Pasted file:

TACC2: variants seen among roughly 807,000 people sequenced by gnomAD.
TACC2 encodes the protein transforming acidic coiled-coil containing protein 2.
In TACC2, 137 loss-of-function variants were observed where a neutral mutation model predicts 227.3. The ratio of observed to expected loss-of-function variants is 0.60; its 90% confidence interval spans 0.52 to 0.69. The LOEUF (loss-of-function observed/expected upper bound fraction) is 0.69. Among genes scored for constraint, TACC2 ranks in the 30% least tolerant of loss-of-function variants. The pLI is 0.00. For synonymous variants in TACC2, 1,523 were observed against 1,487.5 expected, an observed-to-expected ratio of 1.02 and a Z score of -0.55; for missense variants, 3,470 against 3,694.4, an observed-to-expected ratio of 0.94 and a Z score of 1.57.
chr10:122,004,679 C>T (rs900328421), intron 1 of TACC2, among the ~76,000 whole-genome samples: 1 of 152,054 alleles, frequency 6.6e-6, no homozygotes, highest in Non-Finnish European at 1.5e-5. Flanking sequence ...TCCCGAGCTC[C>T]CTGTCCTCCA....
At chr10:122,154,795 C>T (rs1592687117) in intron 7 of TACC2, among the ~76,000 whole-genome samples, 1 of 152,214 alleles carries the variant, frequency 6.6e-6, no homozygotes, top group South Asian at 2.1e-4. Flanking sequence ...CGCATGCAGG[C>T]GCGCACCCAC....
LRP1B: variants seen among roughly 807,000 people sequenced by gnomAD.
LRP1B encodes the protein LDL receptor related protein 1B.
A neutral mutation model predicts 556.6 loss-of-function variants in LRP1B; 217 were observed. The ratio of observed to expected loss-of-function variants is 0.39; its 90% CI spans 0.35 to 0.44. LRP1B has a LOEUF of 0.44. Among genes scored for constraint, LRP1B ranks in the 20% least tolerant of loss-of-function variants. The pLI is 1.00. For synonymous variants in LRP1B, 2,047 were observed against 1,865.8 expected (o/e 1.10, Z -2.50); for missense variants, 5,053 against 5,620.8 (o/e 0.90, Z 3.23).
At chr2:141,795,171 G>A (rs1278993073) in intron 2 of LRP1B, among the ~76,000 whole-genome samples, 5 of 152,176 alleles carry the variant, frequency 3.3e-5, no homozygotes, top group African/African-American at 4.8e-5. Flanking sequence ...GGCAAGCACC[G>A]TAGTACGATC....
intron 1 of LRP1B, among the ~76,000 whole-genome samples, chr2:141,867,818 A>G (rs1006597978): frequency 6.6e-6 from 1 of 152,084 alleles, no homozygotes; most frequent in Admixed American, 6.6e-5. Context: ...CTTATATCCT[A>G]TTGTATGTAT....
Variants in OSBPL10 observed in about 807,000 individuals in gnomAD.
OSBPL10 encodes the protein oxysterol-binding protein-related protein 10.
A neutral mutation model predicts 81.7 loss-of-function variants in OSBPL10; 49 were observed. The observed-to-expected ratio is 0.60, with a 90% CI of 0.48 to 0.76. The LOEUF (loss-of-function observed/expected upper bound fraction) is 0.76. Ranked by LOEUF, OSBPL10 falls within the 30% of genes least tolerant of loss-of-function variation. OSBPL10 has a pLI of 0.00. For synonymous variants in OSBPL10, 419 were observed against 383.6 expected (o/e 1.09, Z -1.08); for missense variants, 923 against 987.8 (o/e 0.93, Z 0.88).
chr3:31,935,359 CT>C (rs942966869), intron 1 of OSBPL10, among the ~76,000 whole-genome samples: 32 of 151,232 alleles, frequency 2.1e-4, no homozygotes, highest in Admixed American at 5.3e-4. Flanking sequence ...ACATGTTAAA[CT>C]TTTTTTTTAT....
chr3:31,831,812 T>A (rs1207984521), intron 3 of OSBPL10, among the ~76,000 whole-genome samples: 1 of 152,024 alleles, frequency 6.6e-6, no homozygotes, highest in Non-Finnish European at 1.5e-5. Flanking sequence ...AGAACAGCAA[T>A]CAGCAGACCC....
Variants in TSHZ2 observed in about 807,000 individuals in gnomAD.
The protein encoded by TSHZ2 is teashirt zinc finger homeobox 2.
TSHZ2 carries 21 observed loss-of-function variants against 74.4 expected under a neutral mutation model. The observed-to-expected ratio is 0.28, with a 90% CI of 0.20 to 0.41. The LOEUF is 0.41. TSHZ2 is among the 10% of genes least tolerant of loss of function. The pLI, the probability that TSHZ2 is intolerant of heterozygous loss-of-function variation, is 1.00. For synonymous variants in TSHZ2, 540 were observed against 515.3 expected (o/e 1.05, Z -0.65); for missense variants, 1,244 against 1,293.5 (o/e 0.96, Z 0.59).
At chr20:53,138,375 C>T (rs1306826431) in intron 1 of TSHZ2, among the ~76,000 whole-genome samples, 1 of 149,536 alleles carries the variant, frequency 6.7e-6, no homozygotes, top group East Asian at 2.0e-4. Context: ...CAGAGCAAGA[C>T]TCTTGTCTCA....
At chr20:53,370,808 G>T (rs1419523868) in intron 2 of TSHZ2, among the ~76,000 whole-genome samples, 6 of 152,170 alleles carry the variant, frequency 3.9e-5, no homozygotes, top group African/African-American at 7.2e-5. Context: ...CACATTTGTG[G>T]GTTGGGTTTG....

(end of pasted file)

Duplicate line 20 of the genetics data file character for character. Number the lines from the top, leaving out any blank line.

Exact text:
At chr20:53,370,808 G>T (rs1419523868) in intron 2 of TSHZ2, among the ~76,000 whole-genome samples, 6 of 152,170 alleles carry the variant, frequency 3.9e-5, no homozygotes, top group African/African-American at 7.2e-5. Context: ...CACATTTGTG[G>T]GTTGGGTTTG....